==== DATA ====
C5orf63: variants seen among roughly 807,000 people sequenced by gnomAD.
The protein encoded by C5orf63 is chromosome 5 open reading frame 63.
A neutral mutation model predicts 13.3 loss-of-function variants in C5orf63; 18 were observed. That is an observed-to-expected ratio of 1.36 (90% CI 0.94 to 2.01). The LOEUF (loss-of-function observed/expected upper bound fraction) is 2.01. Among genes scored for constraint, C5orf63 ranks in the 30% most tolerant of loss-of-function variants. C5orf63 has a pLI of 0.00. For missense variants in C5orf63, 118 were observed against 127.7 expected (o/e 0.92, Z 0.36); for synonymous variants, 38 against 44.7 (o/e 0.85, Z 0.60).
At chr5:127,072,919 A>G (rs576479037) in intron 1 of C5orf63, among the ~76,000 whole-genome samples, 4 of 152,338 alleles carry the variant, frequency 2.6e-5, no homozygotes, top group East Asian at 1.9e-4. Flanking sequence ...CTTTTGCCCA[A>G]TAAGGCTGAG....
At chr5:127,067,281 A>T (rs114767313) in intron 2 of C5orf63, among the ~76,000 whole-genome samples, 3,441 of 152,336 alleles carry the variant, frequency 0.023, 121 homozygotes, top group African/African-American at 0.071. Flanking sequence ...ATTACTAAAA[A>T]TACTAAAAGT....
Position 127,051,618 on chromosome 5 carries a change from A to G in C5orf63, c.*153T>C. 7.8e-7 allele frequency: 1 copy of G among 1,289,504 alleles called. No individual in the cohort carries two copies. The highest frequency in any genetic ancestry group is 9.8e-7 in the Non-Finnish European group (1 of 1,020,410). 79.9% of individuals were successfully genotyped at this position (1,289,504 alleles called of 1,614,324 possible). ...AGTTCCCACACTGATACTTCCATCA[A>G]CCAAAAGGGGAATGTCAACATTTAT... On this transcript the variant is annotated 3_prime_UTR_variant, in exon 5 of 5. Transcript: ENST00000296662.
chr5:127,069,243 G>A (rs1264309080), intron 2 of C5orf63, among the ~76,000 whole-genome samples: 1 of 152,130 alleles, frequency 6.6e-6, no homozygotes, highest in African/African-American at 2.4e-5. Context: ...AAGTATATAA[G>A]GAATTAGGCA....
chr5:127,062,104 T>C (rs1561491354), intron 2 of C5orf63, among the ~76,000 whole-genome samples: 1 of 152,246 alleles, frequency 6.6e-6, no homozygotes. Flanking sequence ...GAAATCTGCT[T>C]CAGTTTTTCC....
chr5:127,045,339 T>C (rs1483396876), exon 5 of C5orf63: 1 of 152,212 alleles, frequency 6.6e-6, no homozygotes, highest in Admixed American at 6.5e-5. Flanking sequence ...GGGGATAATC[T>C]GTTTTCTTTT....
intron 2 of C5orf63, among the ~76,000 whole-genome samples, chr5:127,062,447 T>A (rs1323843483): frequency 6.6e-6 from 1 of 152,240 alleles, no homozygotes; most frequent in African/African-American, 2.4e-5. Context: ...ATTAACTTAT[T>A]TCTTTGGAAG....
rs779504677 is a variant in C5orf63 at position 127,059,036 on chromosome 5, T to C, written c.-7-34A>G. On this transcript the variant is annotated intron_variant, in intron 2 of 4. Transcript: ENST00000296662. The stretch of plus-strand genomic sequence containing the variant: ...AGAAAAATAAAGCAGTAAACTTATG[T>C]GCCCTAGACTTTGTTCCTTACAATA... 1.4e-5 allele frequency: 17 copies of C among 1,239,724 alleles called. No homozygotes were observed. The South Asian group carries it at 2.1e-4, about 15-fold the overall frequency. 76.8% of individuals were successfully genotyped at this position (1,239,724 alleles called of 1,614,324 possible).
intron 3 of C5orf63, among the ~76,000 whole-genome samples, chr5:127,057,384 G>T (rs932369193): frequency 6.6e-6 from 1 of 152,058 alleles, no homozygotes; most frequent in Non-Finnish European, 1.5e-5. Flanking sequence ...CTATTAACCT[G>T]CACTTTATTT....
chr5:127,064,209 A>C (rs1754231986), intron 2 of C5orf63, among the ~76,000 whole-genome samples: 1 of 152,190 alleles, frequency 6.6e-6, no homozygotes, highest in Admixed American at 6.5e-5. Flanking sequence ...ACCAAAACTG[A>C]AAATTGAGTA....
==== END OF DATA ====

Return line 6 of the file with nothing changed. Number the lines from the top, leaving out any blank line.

Position 127,051,618 on chromosome 5 carries a change from A to G in C5orf63, c.*153T>C. 7.8e-7 allele frequency: 1 copy of G among 1,289,504 alleles called. No individual in the cohort carries two copies. The highest frequency in any genetic ancestry group is 9.8e-7 in the Non-Finnish European group (1 of 1,020,410). 79.9% of individuals were successfully genotyped at this position (1,289,504 alleles called of 1,614,324 possible). ...AGTTCCCACACTGATACTTCCATCA[A>G]CCAAAAGGGGAATGTCAACATTTAT... On this transcript the variant is annotated 3_prime_UTR_variant, in exon 5 of 5. Transcript: ENST00000296662.